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Mr Rosenblum's List - or Friendly Guidance for the Aspiring Englishman by Natasha Solomons

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Mr Rosenblum’s List, or Friendly Guidance for the Aspiring Englishman by Natasha Solomons

 

The ‘blurb’

LIST ITEM 2. Never speak German on the upper decks of London buses.

 

Jack Rosenblum is five foot three and a half inches of sheer tenacity. He’s writing a list so he can become a Very English Gentleman.

 

LIST ITEM 41. An Englishman buys his marmalade from Fortnum & Mason.

 

It’s 1952, and despite his best efforts, his bid to blend in is fraught with unexpected hurdles – including his wife. Sadie doesn’t want to forget where they came from or the family they’ve lost. And she shows no interest in getting a purple rinse.

 

LIST ITEM 112. An Englishman keeps his head in a crisis.

 

Join Jack as he leads a reluctant Sadie deep into the heart of the English countryside. Here, in the land of woolly pigs, bluebells and jitterbug cider, the embark on an impossible task…

 

This wonderful debut novel is based on the story of the author’s grandparents’ experiences as refugees arriving in England in 1936 and is, as the author tells us in the notes at the end of the book, a work of folktales mingled with family legend.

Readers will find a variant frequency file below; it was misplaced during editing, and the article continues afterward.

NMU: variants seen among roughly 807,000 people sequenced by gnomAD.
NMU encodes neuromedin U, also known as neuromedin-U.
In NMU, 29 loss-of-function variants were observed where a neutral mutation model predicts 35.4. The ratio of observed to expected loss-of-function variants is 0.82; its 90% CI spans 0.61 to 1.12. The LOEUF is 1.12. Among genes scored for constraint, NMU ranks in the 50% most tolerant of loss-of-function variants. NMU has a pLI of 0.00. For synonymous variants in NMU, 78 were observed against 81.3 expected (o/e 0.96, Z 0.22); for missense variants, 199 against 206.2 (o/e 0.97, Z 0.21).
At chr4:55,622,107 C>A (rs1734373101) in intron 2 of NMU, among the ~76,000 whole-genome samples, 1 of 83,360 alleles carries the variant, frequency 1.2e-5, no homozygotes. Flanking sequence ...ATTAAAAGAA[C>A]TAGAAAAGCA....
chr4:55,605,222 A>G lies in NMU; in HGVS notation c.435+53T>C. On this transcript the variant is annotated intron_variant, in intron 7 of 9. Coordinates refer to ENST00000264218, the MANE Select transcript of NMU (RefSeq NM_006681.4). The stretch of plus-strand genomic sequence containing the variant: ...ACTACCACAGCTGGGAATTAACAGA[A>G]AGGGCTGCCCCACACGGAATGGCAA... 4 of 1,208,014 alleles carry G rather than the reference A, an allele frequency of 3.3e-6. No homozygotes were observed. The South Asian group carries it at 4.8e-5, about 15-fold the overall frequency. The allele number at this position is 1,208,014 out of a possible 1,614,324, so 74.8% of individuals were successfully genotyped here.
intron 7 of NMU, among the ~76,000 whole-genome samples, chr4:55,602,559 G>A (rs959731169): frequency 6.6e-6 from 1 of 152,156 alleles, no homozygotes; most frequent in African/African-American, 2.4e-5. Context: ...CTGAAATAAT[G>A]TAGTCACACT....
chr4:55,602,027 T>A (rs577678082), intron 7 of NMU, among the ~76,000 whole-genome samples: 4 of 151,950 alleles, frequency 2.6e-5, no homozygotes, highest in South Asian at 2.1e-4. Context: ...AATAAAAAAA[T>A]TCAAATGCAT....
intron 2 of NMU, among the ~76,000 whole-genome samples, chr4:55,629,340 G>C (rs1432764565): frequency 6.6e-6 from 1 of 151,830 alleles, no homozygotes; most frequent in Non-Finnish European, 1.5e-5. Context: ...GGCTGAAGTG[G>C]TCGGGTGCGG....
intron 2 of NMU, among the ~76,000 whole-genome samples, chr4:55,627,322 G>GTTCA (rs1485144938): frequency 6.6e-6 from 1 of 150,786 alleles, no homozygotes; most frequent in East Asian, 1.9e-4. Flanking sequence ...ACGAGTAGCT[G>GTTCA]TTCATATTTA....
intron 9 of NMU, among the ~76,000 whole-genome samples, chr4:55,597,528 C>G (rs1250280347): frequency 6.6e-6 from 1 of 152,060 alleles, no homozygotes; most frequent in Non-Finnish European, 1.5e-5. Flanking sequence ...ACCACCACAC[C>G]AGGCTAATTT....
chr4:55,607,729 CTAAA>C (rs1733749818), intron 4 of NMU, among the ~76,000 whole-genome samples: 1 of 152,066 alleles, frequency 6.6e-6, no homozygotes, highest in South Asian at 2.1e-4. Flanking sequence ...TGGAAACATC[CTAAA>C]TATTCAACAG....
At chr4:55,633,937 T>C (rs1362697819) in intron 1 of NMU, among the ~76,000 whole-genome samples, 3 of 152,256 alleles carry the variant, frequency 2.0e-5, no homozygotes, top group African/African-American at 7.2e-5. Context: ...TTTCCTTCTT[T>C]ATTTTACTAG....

Jack and Sadie and their young daughter Elizabeth arrive from Berlin in 1937 and at the port of Harwich they are handed a pamphlet entitled While you are in England: Helpful Information and Friendly Guidance for Every Refugee..

 

Sadie is uncomfortable in her new country and wishes to hold on to memories of the past, but Jack embraces his new life and wants nothing more to be accepted as an Englishman. He therefore takes this pamphlet and the rules contained therein most seriously and follows them to the letter. He is happy and successful but the one thing he wants seems completely out of reach.

 

Undeterred, he moves with an unimpressed Sadie to the country – a village in the middle of Dorsetshire - where he goes to great lengths to be accepted, but whilst it seems that he is fitting in, he still doesn’t quite belong. But Jack knows what it will take for him to become a ‘native’ and embarks on an enormous project. Will it succeed, and will he find any allies in this most English of places?

 

This book is simply brilliant. It is funny and sad and poignant and through Jack, the reader is taken on a rollercoaster of emotions. It was one of those books that I couldn’t put down but also didn’t want to end. I thought the ending was brilliant but I was sad to say goodbye to Jack et al at the end of it!

 

There is a quote on the front cover that reads Hilarious and touching… Yes, the movie is already on its way – but please read the delightful novel first - I think this is good advice as the book is nearly always better than a movie adaptation. I shall look forward to seeing the film – but I hope they do this excellent book justice!